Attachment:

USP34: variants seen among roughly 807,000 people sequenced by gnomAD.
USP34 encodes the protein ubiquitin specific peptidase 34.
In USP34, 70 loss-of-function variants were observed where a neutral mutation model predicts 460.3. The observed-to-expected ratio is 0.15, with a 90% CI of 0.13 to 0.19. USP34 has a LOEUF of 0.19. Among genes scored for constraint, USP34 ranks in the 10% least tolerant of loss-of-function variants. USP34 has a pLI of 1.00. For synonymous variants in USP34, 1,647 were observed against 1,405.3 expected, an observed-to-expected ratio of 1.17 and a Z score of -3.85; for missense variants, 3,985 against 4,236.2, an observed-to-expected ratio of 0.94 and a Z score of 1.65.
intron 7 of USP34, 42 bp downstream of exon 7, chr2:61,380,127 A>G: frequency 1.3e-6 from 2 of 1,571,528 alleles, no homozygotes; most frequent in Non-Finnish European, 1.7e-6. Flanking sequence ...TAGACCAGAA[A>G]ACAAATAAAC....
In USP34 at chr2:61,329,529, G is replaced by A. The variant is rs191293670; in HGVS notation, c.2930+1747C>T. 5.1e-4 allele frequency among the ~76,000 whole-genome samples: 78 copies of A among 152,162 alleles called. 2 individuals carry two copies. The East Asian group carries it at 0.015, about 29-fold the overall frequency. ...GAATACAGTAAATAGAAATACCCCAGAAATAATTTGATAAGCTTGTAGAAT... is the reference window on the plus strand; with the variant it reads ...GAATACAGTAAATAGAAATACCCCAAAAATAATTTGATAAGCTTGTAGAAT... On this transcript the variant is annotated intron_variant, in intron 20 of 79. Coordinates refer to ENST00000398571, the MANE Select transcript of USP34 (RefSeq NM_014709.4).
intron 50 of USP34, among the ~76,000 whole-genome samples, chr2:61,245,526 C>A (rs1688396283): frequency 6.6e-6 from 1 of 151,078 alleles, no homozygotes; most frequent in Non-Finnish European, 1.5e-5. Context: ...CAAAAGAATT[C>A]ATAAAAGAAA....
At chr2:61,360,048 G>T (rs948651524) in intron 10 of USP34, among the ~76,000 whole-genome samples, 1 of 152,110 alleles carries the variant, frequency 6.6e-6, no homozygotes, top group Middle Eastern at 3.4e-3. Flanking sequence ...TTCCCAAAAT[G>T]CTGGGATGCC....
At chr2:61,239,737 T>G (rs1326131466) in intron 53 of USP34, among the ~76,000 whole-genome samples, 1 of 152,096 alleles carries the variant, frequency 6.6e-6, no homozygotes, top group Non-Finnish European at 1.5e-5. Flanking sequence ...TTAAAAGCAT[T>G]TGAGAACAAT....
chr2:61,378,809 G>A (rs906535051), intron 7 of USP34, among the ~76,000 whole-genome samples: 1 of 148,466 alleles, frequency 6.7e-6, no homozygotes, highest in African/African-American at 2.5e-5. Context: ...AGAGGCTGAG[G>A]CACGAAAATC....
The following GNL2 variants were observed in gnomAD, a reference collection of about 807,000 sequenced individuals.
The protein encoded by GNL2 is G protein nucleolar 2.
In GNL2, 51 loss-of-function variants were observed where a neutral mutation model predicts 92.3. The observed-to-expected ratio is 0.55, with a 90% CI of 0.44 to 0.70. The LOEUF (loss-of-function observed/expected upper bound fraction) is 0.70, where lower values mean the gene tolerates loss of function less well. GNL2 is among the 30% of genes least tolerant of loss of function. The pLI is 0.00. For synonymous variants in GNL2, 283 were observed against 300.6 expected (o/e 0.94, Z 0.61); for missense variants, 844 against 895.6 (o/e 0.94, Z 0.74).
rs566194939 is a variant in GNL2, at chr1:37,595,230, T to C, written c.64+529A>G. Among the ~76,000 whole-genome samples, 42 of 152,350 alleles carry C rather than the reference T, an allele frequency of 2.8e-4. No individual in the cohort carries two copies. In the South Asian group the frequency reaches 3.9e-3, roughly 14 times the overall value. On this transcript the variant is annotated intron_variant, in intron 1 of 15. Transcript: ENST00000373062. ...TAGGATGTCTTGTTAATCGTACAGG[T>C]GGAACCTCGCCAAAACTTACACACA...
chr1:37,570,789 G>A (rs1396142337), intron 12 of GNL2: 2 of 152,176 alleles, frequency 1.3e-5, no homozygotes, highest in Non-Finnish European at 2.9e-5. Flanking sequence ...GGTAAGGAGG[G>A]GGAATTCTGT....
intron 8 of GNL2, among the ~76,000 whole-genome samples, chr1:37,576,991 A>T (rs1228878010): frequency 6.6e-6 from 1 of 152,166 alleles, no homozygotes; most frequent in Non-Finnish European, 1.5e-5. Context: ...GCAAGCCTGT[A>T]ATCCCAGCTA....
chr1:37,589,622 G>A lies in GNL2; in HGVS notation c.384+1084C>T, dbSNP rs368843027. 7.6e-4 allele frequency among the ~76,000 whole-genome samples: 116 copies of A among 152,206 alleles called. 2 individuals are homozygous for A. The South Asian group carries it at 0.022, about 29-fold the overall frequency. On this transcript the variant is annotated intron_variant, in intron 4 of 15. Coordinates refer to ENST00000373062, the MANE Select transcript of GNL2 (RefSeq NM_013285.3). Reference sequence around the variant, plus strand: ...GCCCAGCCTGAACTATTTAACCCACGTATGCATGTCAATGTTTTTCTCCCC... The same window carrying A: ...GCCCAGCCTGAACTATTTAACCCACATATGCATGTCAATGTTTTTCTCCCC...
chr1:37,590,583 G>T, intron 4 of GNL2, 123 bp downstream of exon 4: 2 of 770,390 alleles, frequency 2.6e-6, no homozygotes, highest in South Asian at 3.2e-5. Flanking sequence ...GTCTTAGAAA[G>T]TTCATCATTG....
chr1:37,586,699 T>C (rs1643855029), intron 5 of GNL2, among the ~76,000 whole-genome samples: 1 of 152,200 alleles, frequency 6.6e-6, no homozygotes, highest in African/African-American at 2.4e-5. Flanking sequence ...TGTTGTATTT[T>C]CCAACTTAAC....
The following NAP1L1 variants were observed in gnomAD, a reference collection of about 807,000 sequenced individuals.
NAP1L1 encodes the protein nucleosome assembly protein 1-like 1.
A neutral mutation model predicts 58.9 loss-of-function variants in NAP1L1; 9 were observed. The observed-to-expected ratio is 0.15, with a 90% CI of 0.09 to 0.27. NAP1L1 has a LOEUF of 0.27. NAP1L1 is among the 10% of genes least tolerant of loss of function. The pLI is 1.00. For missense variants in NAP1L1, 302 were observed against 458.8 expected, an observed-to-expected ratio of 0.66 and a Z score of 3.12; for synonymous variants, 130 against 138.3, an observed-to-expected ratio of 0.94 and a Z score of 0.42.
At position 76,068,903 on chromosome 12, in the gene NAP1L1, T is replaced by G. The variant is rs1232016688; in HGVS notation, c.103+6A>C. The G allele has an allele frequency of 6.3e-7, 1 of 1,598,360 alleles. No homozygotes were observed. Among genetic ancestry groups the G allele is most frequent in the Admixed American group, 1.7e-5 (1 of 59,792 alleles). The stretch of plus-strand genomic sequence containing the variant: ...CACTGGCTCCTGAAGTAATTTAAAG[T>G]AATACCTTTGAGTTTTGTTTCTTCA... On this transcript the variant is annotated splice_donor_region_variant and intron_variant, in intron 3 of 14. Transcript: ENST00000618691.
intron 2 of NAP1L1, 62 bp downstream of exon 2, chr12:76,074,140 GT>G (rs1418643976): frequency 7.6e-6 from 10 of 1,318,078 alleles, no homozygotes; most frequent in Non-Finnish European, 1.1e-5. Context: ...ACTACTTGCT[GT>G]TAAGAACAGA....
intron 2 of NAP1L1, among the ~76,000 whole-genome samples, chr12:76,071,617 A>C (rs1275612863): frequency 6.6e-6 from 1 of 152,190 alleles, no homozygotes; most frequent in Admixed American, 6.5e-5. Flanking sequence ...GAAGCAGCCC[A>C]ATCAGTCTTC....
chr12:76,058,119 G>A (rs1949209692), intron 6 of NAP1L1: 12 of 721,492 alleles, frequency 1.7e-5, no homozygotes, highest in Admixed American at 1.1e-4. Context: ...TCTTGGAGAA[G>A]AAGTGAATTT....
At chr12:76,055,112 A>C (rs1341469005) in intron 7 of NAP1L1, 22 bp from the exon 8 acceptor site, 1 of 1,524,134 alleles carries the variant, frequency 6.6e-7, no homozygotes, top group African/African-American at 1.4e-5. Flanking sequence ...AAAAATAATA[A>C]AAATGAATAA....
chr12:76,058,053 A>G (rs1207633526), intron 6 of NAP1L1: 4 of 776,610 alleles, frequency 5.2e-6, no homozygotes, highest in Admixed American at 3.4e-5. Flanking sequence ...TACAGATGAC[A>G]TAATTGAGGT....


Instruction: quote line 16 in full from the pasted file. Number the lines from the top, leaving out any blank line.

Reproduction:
chr1:37,589,622 G>A lies in GNL2; in HGVS notation c.384+1084C>T, dbSNP rs368843027. 7.6e-4 allele frequency among the ~76,000 whole-genome samples: 116 copies of A among 152,206 alleles called. 2 individuals are homozygous for A. The South Asian group carries it at 0.022, about 29-fold the overall frequency. On this transcript the variant is annotated intron_variant, in intron 4 of 15. Coordinates refer to ENST00000373062, the MANE Select transcript of GNL2 (RefSeq NM_013285.3). Reference sequence around the variant, plus strand: ...GCCCAGCCTGAACTATTTAACCCACGTATGCATGTCAATGTTTTTCTCCCC... The same window carrying A: ...GCCCAGCCTGAACTATTTAACCCACATATGCATGTCAATGTTTTTCTCCCC...